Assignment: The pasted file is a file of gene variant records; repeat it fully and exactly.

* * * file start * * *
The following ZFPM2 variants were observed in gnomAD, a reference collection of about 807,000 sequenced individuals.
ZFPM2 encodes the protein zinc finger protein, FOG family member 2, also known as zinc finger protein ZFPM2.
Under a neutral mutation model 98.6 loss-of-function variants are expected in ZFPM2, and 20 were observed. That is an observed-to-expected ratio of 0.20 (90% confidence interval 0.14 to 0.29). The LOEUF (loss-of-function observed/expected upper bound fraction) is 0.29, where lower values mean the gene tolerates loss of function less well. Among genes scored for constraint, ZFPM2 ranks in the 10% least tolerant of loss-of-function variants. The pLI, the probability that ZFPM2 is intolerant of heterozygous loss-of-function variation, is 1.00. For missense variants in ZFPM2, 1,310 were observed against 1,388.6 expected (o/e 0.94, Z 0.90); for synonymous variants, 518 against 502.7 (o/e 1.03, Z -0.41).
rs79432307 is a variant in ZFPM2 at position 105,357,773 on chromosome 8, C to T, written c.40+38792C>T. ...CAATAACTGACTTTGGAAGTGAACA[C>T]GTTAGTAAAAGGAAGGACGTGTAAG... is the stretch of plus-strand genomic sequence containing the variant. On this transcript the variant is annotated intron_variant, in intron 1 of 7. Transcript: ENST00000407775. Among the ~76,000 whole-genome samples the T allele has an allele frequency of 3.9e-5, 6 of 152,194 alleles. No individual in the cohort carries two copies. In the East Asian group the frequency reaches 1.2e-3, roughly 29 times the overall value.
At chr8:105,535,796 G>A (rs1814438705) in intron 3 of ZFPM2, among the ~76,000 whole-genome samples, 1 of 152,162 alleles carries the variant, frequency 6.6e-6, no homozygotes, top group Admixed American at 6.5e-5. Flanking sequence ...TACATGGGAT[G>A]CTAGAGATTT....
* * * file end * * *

The following ZFPM2 variants were observed in gnomAD, a reference collection of about 807,000 sequenced individuals.
ZFPM2 encodes the protein zinc finger protein, FOG family member 2, also known as zinc finger protein ZFPM2.
Under a neutral mutation model 98.6 loss-of-function variants are expected in ZFPM2, and 20 were observed. That is an observed-to-expected ratio of 0.20 (90% confidence interval 0.14 to 0.29). The LOEUF (loss-of-function observed/expected upper bound fraction) is 0.29, where lower values mean the gene tolerates loss of function less well. Among genes scored for constraint, ZFPM2 ranks in the 10% least tolerant of loss-of-function variants. The pLI, the probability that ZFPM2 is intolerant of heterozygous loss-of-function variation, is 1.00. For missense variants in ZFPM2, 1,310 were observed against 1,388.6 expected (o/e 0.94, Z 0.90); for synonymous variants, 518 against 502.7 (o/e 1.03, Z -0.41).
rs79432307 is a variant in ZFPM2 at position 105,357,773 on chromosome 8, C to T, written c.40+38792C>T. ...CAATAACTGACTTTGGAAGTGAACA[C>T]GTTAGTAAAAGGAAGGACGTGTAAG... is the stretch of plus-strand genomic sequence containing the variant. On this transcript the variant is annotated intron_variant, in intron 1 of 7. Transcript: ENST00000407775. Among the ~76,000 whole-genome samples the T allele has an allele frequency of 3.9e-5, 6 of 152,194 alleles. No individual in the cohort carries two copies. In the East Asian group the frequency reaches 1.2e-3, roughly 29 times the overall value.
At chr8:105,535,796 G>A (rs1814438705) in intron 3 of ZFPM2, among the ~76,000 whole-genome samples, 1 of 152,162 alleles carries the variant, frequency 6.6e-6, no homozygotes, top group Admixed American at 6.5e-5. Flanking sequence ...TACATGGGAT[G>A]CTAGAGATTT....